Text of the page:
Will one of Japan’s most famous delicacies survive a changing climate?

— Written by Will Dejesus

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Purple urchin feeding on giant kelp

Sea urchin is a famous Japanese delicacy used in sushi, called uni. The gonads, or sex organs, is the part of the urchin that is actually eaten. It is high in protein and contains omega-3 fatty acids, which can help lower blood pressure. Sea Urchins can be found along the West coast from Baja to Seattle. Sea Urchin harvesting along the coast of California has become one of the highest valued fisheries in the area. Almost 75% of the urchins caught along the California coast are sent to Japan, where they import over 250 million dollars worth every year.

Not only are sea urchins a relevant part of the food and fishing industry, but they also play a critical role in the kelp forest communities, as their preferred food source is giant kelp. With few native predators, sea urchins have the power to decimate kelp forests, which are already struggling with changes in ocean chemistry. Areas where sea urchin population has sky rocketed, kelp density has been nearly wiped out in a short period of time. From ocean to table, sea urchins play an important role in coastal communities on land and below the surface.

I am interested in taking a closer look at the feeding habits of these invertebrates given future predicted changes in ocean temperature. Their reactions to temperature changes in general and especially in feeding behavior is all of interest in this study. This will begin to paint a clearer picture of what we can expect our marine ecosystems and seafood industry to look like in the future.

Shark abundance shown with dermal denticles

— Written by Maria Rivera

How can we know how many sharks there are in a specific area? We cannot track or observe them as easily as other animals, especially land animals. This is a major issue because we do not have sufficient data that tells us about shark communities in the past nor present. Without this knowledge, we cannot analyze how humans have impacted shark communities near reefs. Fortunately, there are new techniques being developed that help us measure the relative abundance of sharks near coral reefs. One of these new techniques involves analyzing dermal denticles. Dermal denticles are the microscopic tooth-like scales that cover sharks’ bodies. Sharks shed these denticles, and they are deposited and preserved in coral reef sediments. Hundreds of denticles can be preserved in the sand, recording a timeline of what shark communities where like in the past and how they have changed.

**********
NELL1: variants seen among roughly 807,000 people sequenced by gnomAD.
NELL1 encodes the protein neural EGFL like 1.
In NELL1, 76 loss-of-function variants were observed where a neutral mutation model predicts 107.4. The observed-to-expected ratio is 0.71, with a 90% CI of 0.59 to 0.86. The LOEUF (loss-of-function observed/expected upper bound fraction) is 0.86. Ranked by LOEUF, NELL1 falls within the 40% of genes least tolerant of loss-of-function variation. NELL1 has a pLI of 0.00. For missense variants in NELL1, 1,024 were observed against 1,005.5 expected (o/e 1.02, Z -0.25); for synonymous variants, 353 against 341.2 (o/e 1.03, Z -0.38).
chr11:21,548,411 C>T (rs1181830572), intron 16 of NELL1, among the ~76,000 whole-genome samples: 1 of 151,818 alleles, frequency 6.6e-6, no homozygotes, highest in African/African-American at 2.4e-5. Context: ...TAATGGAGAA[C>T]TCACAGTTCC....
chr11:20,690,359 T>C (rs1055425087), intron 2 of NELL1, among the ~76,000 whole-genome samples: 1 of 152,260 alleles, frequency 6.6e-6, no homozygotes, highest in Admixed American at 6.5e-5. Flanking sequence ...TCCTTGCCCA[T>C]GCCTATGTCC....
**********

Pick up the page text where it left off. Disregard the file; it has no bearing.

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Fig. 1 shows different types of denticles that belong to different kinds of sharks. Denticle A has high ridges for swimming, while denticle B is smooth and thick for protection. Photographs courtesy of Natalie Minouei taken on July 6, 2018.

How do denticles help us estimate/determine the relative abundance of sharks? By comparing the denticles we find in sediments from different regions and time periods, we can qualitatively estimate the abundance of sharks. Not only do the number of denticles help us interpret the abundance of sharks near reefs, but we can also use the wide array of denticle shapes and sizes to learn more about the ecology of sharks. Variation in denticle morphology serves different purposes. For example, thin denticles with high ridges are for drag reduction and allow the shark to swim faster (Fig. 1). These denticle characteristics are common with pelagic sharks that spend a majority of the time in open waters and are fast swimmers, like great whites for example. In contrast, there are denticles that can be smooth and thick for abrasion strength, this provides protection to the shark from the ocean floor (Fig. 1). Denticles like these would be found on sharks that live near reefs, such as nurse sharks. Variations of denticles for different sharks gives us an insight into the structure and composition of the shark communities roaming that reef.

We can also look at denticle distributions in areas across gradients of human impacts to investigate how shark communities are affected by human activities. For example, if there is a lot of fishing in an area, there might be lower numbers of sharks and thus lower number of denticles. If we compare that to a place that is less impacted by humans, we would expect to see more sharks and more denticles. This can help us understand how humans have impacted the marine ecosystem through time and in a context of local baselines. This is a great way to analyze the relative abundance of sharks near coral reefs when there are limited tools and scientists cannot go physically count sharks one by one in the ocean.